Biden’s Ambitious AI Executive Order Puts the US at the Forefront of AI Regulation
US President Joe Biden has issued an extensive executive order on artificial intelligence (AI), positioning the United States as a frontrunner in the global conversation on regulating AI technologies. By doing so, the US has surpassed other countries in the race to govern AI, even overtaking Europe, which previously led the way with its AI Act. While Europe’s AI Act won’t fully take effect until 2025, Biden’s executive order catapults the US to the forefront of AI regulation discussions.
The executive order encompasses various initiatives aimed at regulating AI and addresses a range of associated concerns. From immediate issues like AI-generated deepfakes to job losses and potential existential threats posed by AI, the order seeks to tackle the potential harms posed by AI technologies.
Given the slow progress of US Congress in passing significant regulations regarding big tech companies, this executive order is seen as an attempt to bypass the frequently deadlocked Congress while initiating necessary action. One example is the order’s call for bipartisan data privacy legislation, although achieving true bipartisan support in the current political climate may prove challenging.
The order is set to be implemented over the next three months to one year and focuses on eight key areas. On the one hand, it addresses many concerns raised by academics and the public. For instance, the order includes a directive to provide official guidance on watermarking AI-generated content to mitigate the risk of deepfakes. It also requires companies to demonstrate the safety of their AI models before widespread deployment, ensuring they pose no national security or safety risks.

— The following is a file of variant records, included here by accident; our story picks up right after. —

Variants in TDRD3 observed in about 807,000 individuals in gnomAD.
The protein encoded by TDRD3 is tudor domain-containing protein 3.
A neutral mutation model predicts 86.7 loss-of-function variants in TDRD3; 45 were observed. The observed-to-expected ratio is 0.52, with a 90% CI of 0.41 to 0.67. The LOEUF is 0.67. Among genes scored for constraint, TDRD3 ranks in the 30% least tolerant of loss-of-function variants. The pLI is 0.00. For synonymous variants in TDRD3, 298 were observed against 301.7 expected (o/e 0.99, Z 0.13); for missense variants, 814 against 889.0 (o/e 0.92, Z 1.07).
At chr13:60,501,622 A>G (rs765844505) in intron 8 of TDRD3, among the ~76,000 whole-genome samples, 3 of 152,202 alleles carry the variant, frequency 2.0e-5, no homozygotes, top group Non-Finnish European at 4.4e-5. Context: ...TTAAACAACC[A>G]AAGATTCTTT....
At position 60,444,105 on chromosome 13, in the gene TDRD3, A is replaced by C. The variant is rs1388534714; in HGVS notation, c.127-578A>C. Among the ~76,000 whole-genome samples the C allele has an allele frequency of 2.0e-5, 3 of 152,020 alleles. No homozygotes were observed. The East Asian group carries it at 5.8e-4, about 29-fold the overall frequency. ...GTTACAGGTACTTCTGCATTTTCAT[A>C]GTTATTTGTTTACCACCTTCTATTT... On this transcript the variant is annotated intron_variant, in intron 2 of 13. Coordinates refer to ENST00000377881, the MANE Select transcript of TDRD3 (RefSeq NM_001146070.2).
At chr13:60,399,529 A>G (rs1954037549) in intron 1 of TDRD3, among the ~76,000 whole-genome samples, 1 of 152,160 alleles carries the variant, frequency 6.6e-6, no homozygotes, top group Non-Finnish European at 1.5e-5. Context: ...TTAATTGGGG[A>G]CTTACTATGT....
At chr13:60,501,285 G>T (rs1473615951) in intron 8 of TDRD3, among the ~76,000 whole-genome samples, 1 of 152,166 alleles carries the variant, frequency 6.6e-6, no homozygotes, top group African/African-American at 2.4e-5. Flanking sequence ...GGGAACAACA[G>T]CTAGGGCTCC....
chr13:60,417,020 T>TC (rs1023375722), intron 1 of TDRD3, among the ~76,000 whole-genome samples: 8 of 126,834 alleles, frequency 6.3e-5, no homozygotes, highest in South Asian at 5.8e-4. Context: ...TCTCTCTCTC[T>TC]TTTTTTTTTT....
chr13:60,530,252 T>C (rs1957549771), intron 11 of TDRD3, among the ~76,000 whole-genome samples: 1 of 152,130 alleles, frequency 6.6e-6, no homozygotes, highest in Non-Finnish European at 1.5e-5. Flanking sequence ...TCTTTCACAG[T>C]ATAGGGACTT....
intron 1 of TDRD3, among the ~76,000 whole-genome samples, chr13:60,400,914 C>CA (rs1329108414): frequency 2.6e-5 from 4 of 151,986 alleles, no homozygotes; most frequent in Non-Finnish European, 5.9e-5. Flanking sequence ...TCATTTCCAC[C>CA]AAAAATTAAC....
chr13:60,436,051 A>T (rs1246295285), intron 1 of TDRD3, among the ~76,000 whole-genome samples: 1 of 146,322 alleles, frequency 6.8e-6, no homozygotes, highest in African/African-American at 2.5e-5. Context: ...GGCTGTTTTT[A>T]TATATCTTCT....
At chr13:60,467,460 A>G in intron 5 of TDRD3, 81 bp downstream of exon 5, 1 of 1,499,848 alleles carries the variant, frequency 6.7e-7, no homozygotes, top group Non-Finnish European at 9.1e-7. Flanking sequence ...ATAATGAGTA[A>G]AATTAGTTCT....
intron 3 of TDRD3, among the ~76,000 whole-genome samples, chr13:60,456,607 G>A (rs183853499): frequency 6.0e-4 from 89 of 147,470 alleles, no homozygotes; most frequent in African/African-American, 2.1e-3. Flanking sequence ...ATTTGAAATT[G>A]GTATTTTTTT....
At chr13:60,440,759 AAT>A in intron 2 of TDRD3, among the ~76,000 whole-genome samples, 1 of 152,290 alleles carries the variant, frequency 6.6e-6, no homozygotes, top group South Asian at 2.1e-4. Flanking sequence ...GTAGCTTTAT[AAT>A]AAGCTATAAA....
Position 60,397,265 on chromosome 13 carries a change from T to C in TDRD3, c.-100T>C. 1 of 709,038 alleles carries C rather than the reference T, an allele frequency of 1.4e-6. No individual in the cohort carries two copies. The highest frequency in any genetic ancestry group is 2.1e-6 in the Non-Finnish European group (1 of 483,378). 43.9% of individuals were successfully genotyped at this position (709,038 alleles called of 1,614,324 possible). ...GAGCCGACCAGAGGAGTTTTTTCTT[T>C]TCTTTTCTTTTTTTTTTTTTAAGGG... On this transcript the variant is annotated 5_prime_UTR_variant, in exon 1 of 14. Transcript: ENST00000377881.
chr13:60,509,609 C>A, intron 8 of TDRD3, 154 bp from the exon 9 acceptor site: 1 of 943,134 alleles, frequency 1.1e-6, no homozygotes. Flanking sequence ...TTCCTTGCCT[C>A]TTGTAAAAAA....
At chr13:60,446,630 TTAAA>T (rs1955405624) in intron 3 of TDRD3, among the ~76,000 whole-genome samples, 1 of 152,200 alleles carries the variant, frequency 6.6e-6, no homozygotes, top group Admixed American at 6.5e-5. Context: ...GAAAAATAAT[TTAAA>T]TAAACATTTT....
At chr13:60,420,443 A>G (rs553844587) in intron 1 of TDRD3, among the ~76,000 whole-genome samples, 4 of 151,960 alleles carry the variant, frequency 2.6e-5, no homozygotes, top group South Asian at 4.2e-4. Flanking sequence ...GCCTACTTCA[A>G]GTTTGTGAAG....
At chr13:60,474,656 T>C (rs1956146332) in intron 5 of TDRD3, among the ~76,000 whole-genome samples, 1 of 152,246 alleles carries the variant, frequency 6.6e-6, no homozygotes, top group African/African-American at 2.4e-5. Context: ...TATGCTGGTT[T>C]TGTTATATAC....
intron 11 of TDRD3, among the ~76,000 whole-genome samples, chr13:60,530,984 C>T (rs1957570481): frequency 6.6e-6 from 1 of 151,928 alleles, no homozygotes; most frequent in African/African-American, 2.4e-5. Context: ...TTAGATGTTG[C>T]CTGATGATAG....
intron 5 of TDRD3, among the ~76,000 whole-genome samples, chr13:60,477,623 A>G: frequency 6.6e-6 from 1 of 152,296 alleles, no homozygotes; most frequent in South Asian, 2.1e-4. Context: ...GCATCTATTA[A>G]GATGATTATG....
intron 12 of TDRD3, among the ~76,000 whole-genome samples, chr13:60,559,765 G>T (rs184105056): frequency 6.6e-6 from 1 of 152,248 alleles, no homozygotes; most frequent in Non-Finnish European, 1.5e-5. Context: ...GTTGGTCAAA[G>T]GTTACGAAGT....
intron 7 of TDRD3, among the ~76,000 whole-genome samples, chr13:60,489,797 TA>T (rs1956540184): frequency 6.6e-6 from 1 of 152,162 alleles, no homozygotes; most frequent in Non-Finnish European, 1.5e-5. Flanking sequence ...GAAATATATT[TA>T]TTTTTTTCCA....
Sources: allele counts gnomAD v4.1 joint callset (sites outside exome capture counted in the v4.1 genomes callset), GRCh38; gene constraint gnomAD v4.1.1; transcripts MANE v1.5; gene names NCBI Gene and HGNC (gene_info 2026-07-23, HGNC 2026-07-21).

However, the order falls short in addressing certain pressing issues. It does not directly tackle the challenge of dealing with autonomous killer AI robots, a topic discussed at the recent United Nations General Assembly. The lack of clear stipulations regarding ethical guidelines for AI in the military is another concern. Additionally, the order fails to address the need to protect elections from AI-powered weapons of mass persuasion, which has already become a concern in various countries, including the recent election in Slovakia.
Despite these shortcomings, many initiatives in Biden’s executive order could serve as a model for other countries, including Australia. The order calls for providing guidance on preventing AI algorithms from discriminating against individuals in areas such as housing and government programs. It also highlights the importance of addressing algorithmic discrimination within the criminal justice system, where AI is increasingly utilized for high-stakes decisions.
One of the most controversial aspects of the order is the focus on regulating the potential harms posed by powerful frontier AI models. While some experts believe these models, developed by companies like Open AI and Google, present an existential threat to humanity, others argue that concerns may be overblown and detract from more immediate harms like misinformation and inequity.
To address the risks associated with frontier models, the executive order leverages extraordinary war powers, specifically the 1950 Defense Production Act. It requires companies to notify the federal government when training such models and share the results of safety tests conducted by internal hackers. However, policing the development of frontier models may prove challenging, as companies can continue their development overseas or within open-source communities.
Overall, the impact of Biden’s executive order is expected to be primarily on the government itself and its utilization of AI, rather than on businesses. Nevertheless, it represents a welcome step toward addressing the regulation of AI, overshadowing the upcoming AI Safety Summit in the UK led by Prime Minister Rishi Sunak. While challenges lie ahead, the order marks a significant move by the US government to assume a leading role in shaping the future of AI regulation.
Source: The Conversation (Au and NZ) – By Toby Walsh, Professor of AI, Research Group Leader, UNSW Sydney